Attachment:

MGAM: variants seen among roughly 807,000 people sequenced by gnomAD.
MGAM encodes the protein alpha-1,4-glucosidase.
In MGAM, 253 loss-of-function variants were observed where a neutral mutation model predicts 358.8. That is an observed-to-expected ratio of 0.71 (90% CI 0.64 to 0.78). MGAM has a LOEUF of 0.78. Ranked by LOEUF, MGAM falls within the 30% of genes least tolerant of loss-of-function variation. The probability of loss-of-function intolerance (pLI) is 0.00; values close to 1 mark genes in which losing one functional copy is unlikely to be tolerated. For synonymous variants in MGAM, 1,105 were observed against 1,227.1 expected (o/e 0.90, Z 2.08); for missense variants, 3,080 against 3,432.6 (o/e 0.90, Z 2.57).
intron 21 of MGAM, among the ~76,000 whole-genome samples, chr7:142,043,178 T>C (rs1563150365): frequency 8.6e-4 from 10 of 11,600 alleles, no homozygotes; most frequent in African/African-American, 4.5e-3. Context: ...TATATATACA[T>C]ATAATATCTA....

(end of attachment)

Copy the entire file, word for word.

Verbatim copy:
MGAM: variants seen among roughly 807,000 people sequenced by gnomAD.
MGAM encodes the protein alpha-1,4-glucosidase.
In MGAM, 253 loss-of-function variants were observed where a neutral mutation model predicts 358.8. That is an observed-to-expected ratio of 0.71 (90% CI 0.64 to 0.78). MGAM has a LOEUF of 0.78. Ranked by LOEUF, MGAM falls within the 30% of genes least tolerant of loss-of-function variation. The probability of loss-of-function intolerance (pLI) is 0.00; values close to 1 mark genes in which losing one functional copy is unlikely to be tolerated. For synonymous variants in MGAM, 1,105 were observed against 1,227.1 expected (o/e 0.90, Z 2.08); for missense variants, 3,080 against 3,432.6 (o/e 0.90, Z 2.57).
intron 21 of MGAM, among the ~76,000 whole-genome samples, chr7:142,043,178 T>C (rs1563150365): frequency 8.6e-4 from 10 of 11,600 alleles, no homozygotes; most frequent in African/African-American, 4.5e-3. Context: ...TATATATACA[T>C]ATAATATCTA....